South Korea groups ask for investigation into Laos dam 'collapse'

Frederick Owens
July 27, 2018

Thailand has provided assistance to Laos after a hydroelectric dam collapsed in the country's southeast, leaving hundreds missing and forcing thousands to evacuate.

The $1.02 billion project encompassing several river basins in a remote corner of southeastern Laos is the first hydroelectric dam to be built by a South Korean company, and it was unclear how severe the damage would be to the overall plan.

But according to a timeline the firm provided in a report to a South Korean lawmaker and obtained by AFP, it said "11 centimetres of subsidence was found at the centre of the dam" as early as Friday. Sign-up now and enjoy one (1) week free access!

Several dams are being built or planned in the impoverished and landlocked country, which exports most of its hydropower energy to neighbouring countries like Thailand. Laos authorities have not given any official information about how badly the dam has been damaged, what caused it to break or when the flooding is expected to recede.

Residents on rooftops surrounded by floodwaters in Attapeu province in southern Laos after the dam collapse.

Its government depends nearly entirely on outside developers to build the dams under commercial concessions that involve the export of electricity to more developed neighbours, including power-hungry Thailand.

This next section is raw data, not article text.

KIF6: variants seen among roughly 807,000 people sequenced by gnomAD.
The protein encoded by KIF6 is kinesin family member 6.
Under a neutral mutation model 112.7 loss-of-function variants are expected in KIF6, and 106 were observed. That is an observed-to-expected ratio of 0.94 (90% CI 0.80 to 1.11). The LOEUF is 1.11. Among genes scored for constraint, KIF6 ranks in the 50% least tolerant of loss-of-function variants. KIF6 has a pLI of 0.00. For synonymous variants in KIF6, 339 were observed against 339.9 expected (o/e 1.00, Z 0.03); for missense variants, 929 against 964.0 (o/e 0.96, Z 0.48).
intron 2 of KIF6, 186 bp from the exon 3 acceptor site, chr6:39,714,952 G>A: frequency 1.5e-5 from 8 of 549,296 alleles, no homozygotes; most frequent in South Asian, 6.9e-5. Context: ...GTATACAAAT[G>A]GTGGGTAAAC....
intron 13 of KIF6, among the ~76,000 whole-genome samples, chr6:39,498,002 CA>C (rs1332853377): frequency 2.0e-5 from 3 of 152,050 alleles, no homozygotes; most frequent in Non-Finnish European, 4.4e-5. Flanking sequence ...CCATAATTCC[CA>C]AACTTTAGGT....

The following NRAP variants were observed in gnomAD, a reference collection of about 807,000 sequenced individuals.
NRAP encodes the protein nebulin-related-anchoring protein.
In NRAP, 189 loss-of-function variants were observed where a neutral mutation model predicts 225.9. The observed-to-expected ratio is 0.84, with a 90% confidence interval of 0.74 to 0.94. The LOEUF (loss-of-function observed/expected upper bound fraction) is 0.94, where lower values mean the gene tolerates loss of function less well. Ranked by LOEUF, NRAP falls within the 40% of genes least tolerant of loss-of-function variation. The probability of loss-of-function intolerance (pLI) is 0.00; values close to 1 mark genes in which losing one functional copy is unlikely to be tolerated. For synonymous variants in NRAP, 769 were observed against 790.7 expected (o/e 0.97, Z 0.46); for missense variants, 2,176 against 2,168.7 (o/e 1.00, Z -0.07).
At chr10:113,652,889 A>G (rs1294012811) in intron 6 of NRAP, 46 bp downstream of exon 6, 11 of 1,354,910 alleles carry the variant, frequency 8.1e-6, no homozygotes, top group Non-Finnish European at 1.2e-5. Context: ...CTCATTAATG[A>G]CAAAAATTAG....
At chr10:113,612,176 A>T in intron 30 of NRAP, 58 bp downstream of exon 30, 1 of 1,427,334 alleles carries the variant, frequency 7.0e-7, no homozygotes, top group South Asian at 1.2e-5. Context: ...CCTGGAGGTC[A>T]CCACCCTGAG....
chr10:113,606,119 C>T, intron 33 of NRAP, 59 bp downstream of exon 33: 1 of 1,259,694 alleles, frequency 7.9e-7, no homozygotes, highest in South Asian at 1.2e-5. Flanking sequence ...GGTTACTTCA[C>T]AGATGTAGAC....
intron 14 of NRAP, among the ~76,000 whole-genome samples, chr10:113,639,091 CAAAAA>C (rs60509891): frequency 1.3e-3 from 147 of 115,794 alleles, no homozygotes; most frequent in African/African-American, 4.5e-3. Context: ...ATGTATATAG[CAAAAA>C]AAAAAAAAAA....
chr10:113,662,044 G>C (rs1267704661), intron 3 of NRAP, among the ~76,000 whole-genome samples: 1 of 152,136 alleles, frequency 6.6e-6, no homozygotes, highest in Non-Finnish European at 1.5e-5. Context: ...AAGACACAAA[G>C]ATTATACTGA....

The dam in Laos' Attapeu province is around 70km from the Cambodian border.

"There are 19 bodies recovered so far, but we cannot estimate the number of missing yet", Chana Miencharoen, said, adding roof-level flood waters have submerged several villages near the Xe-Namnoy dam.

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An official from South Korea's SK Engineering & Construction (SK E&C), one of the companies building the project, confirmed to TIME that fractures were observed on the dam before the disaster, and an evacuation of the 12 surrounded villages was recommended.

The under-construction dam collapsed at 8 p.m. local time (1300 GMT) on Monday, releasing 5 billion cubic meters of water in hours. It was helping with rescue efforts and trying to contain further damage. Most of the financing for the project came from Thai lenders.

South Korea's Yonhap News agency reported that SK E&C sent its president to Laos and set up an emergency team in Seoul.

International Rivers, which works to stop destructive hydropower projects in Laos, said in an April report that hydropower dams on the Mekong River's lower mainstream pose a serious threat to the region.

In a briefing, the president also ordered the team to check the health conditions of South Korean employees working at the site, for families in Korea. It said hundreds of people were missing, without providing details.

Ian Baird, associate professor of geography at University of Wisconsin-Madison and a Laos expert, said the collapse of the subsidiary dam was unlikely to affect others in the project, but added that the dam can't be fixed until the dry season. Only 10 percent of the power generated was to be used locally, with 90 percent exported to Thailand.

According to the joint venture's website, the project involves the construction of a series of dams, reservoirs and water transfer conduits to contain and divert waters of the Xe-Namnoy and Xe-Pian rivers in Attapeu Province to a downstream hydropower generating plant in Champasak Province.

Other reports by LeisureTravelAid

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